Kambli's Match Fixing Claims a Publicity Gimmick?
By Denzil Fernandes
Daijiworld Media Network
Nov 19: The battle lines have been drawn yet again between two former Indian cricketers who now must be past their best when it comes to playing cricket. Nevertheless, with an eye on the proverbial publicity platform former India batsman Vinod Kambli has suddenly picked on his former captain Mohammed Azharuddin and claimed quite sheepishly that the 1996 World Cup semi final between India and Sri Lanka at the Eden Gardens in Kolkatta might have been ‘fixed’.
However, Kambli’s claim was supported by Sports minister Ajay Maken instantly. He went on to say, "When a player of the team has made a charge, it should be thoroughly investigated. People of the country have the right to know what exactly happened. Whether the accusations made by the player are true or false, the people have the right to know".
Kambli's claims have, however, been rejected by the then skipper Mohammad Azharuddin, the then coach Ajit Wadekar and former opener Sanjay Manjrekar.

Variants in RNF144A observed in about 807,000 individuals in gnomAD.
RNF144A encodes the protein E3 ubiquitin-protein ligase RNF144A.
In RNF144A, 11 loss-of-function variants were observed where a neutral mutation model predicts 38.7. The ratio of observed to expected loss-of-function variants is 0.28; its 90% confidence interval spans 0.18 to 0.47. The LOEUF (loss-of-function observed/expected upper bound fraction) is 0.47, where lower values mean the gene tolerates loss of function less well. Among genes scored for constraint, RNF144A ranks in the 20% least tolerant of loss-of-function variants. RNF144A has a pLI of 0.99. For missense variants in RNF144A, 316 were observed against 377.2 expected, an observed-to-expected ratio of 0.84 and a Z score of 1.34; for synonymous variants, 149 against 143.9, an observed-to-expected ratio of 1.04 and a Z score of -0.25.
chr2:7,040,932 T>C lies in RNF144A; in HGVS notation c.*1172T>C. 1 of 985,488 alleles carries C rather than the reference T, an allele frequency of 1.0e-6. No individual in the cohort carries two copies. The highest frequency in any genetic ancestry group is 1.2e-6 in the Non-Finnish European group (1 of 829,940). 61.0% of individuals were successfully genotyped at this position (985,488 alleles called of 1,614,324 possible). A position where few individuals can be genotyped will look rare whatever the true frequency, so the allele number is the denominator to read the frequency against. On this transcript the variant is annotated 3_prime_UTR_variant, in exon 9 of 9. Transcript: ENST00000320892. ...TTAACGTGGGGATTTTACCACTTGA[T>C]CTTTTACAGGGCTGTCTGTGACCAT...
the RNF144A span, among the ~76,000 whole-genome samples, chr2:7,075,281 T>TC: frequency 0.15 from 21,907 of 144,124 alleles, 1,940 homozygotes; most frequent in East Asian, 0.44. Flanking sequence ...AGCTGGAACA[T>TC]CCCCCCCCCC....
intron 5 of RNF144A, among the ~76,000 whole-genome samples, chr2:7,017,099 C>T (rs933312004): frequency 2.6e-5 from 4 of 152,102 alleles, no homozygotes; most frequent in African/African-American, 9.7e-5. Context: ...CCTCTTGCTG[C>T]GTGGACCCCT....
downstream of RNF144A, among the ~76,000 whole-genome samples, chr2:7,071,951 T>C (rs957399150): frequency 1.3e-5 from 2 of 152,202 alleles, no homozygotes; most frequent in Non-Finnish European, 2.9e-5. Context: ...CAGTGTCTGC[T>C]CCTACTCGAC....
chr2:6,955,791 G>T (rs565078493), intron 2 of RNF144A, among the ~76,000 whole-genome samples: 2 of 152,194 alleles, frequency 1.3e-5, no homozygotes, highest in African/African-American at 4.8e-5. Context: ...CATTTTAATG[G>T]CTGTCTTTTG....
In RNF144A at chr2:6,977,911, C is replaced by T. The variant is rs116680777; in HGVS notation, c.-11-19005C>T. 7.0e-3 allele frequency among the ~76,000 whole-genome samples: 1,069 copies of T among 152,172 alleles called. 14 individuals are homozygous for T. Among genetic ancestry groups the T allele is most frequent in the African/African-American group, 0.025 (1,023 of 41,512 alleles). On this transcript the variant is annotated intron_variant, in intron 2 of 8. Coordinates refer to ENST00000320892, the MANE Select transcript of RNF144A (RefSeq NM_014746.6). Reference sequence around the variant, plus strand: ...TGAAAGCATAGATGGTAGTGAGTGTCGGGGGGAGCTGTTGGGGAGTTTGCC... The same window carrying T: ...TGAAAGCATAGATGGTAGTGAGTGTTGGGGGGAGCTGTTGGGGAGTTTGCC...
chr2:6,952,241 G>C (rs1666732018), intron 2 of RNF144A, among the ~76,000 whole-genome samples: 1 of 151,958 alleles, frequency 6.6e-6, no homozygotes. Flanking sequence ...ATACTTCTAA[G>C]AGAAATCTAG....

Azharuddin was backed by his former teammates Sanjay Manjrekar, Nayan Mongia and Venkatpathy Raju and the then team manager Ajit Wadekar who all said that the decision to chase was a collective cricketing decision.
Wadekar, however, rubbished Kambli's claims and said the game was clean. "I did not even think there was anything suspicious in that loss. It was purely because we misread the wicket and were slightly overconfident after beating Pakistan in the quarterfinal.”
"Why did he wake up suddenly after 15 years? During my four-and-half year stint (with the national team), I used to frequently have dinner with Vinod. Had he told me about his suspicions then, I would have requested the board to probe the matter," he said.
Sanjay Manjrekar, now a cricketer-turned-commentator and Kambli’s team mate with the Mumbai team, said the decision to bowl was an honest cricketing decision.
A Congress MP from Moradabad now, Azharuddin said Kambli was making false allegations.